The United Nations and its partners are appealing for $30.5 million to assist some 59,000 people who have been affected by the recent fighting in the Democratic Republic of the Congo’s (DRC) eastern province of North Kivu.
“The North Kivu Response Plan is our answer to the loss and suffering endured by thousands of people these past months,” said the Head of the UN Office for the Coordination of Humanitarian Affairs (OCHA) in DRC, Barbara Shenstone. “We want to provide families with aid to cover their most basic immediate needs while looking ahead to restoring their livelihoods.”
While clashes between the fighters from the 23 March Movement (M23) and the DRC’s national army have diminished, North Kivu remains highly insecure due to the proliferation of weapons, sporadic fighting between armed groups and the army, and inter-community tensions, the agency said.
In addition, 500,000 people have been displaced since April due to M23-related activities, including some 150,000 people who fled their homes during heavy fighting in mid-November. Today, North Kivu – which is four times the size of Belgium – is home to some 914,000 IDPs, the largest concentration in the country.
The six-month plan, which was initiated last month, addresses humanitarian needs in and around the city of Goma and in the neighbouring territories of Masisi Centre and Kitchanga, which have been the most affected by the recent violence.
In a news release, OCHA said the first phase of the plan aims to provide emergency assistance in all camps for internally displaced persons (IDPs) through blanket aid distributions, while promoting their return and the evacuation of public buildings. During the second phase, humanitarian agencies will provide aid to those who return to their homes so they can resume their lives, and, in the third stage, aid organizations will provide a more holistic assistance package to the displaced who decide to remain in the camps.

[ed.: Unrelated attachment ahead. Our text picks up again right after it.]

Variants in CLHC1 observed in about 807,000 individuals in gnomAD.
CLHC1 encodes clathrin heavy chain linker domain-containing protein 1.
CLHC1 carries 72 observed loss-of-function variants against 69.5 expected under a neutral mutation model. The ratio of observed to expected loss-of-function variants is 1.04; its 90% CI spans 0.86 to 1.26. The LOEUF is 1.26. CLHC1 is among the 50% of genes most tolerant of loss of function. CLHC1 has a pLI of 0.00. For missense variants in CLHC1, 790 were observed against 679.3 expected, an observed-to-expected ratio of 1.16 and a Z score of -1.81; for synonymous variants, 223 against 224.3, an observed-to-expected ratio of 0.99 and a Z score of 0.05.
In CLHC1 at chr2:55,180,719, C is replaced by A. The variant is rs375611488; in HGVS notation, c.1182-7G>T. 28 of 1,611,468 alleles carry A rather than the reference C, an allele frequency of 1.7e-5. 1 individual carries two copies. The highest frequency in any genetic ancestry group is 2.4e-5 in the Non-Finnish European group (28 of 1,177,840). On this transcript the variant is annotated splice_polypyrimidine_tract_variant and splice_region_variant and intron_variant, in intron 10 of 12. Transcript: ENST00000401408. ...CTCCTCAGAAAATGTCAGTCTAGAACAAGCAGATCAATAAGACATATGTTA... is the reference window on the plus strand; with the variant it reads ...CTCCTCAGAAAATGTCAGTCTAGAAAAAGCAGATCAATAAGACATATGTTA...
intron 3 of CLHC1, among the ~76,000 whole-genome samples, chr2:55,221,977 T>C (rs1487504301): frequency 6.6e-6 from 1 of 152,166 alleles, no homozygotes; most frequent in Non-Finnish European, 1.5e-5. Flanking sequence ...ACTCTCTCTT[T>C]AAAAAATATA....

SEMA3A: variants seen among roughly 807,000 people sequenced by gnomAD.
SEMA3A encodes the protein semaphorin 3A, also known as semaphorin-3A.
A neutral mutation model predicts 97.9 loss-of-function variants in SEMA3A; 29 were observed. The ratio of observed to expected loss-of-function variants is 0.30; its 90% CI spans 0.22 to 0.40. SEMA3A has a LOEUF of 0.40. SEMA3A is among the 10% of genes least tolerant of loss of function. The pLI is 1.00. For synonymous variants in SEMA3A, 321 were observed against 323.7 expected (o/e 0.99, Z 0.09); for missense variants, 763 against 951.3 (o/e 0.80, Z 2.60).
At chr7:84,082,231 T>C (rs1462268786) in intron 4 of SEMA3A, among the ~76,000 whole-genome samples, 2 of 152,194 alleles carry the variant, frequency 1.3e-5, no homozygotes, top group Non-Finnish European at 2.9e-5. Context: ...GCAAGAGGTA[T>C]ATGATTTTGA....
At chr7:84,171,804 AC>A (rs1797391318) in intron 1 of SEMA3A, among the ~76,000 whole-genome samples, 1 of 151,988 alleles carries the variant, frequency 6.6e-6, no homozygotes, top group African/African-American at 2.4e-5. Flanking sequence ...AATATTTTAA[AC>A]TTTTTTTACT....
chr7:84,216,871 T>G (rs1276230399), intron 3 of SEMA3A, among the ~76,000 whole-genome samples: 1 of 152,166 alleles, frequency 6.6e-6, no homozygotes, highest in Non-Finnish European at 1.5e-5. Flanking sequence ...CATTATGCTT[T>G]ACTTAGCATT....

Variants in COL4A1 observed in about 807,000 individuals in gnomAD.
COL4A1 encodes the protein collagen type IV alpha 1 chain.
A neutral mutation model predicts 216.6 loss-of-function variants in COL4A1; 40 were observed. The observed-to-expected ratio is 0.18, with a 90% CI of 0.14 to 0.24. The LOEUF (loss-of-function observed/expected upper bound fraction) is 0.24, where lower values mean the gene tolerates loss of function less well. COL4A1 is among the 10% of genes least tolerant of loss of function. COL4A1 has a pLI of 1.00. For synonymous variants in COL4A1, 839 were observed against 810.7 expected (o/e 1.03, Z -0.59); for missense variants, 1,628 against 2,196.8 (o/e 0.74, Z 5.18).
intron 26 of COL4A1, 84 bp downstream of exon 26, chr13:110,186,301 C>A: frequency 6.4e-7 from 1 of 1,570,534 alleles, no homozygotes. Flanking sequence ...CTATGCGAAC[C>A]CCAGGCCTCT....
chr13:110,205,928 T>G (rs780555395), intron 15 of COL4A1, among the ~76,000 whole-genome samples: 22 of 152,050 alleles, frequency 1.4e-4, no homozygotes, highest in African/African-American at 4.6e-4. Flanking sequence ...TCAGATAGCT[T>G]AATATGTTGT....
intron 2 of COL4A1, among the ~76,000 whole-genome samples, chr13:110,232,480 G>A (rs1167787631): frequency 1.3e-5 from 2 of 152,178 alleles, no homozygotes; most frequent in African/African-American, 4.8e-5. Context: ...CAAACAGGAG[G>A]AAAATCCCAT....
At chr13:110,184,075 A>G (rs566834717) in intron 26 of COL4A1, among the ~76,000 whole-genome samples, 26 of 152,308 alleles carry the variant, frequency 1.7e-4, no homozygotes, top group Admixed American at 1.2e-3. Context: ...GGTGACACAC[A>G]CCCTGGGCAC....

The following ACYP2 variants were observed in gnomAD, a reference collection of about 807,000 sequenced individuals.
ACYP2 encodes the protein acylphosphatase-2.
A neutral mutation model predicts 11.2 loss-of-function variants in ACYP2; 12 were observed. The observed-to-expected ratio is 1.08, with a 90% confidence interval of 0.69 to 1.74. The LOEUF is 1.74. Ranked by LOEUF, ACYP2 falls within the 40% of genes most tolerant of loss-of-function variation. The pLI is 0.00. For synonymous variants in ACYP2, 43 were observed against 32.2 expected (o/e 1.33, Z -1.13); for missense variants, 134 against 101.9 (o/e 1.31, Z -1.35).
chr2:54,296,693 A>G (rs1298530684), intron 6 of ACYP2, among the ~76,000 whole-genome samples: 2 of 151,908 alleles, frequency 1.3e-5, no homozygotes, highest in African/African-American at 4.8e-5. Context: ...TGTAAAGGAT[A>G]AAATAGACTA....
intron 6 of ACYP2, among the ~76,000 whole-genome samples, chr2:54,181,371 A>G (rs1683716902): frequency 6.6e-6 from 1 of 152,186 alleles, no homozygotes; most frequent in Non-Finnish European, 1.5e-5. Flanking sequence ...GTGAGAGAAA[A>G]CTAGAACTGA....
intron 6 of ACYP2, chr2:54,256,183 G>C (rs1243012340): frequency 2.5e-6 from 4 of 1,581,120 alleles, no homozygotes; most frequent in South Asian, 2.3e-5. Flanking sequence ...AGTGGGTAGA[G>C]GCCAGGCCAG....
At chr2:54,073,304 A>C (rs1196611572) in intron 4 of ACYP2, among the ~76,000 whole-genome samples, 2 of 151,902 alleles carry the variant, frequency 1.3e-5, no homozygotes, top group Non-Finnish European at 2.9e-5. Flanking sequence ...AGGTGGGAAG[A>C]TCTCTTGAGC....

One of the most pressing concerns for aid organizations is to improve the water and sanitation infrastructure in IDP camps, as drinking water is scarce, which has contributed to outbreaks of cholera and other water-borne diseases. Health partners are also looking to renovate clinics and replenish looted medicine stocks.
In the coming months, aid agencies are estimating that some 320,000 people will need agricultural assistance, and about 13,000 children will need specialized feeding to fight off malnutrition.
In addition, close to 300 schools will have to be renovated and an estimated 240,000 children will need, among other things, extra classes, school material, and psychosocial and recreational activities to help them overcome recent trauma.
The response plan also addresses the security and protection of civilians, a paramount priority for the aid community.
“While Goma remains calm but tense, new displacements are occurring every day elsewhere in North Kivu with thousands seeking safety in neighbouring South Kivu. Many, notably children, risk death, injury, recruitment into armed groups and abuse,” said UNICEF’s representative in the DRC, Barbara Beintein.
She added, “We urge all parties to the conflict to protect civilians and to respect international law so that humanitarian agencies can continue to reach and attend to those affected.”
The six-month plan is part of an $892 million country-wide action plan that will be launched in a few weeks in the capital, Kinshasa.
Earlier this month, in the wake of an evaluation mission to assess the security situation in the Masisi territory, the UN Organization Stabilization Mission in the DRC (MONUSCO) reported that there has been a significant increase in the number of IDPs in various camps. The peacekeeping operation pledged to step up its presence in Masisi with ‘blue helmets’ from its brigade in North Kivu.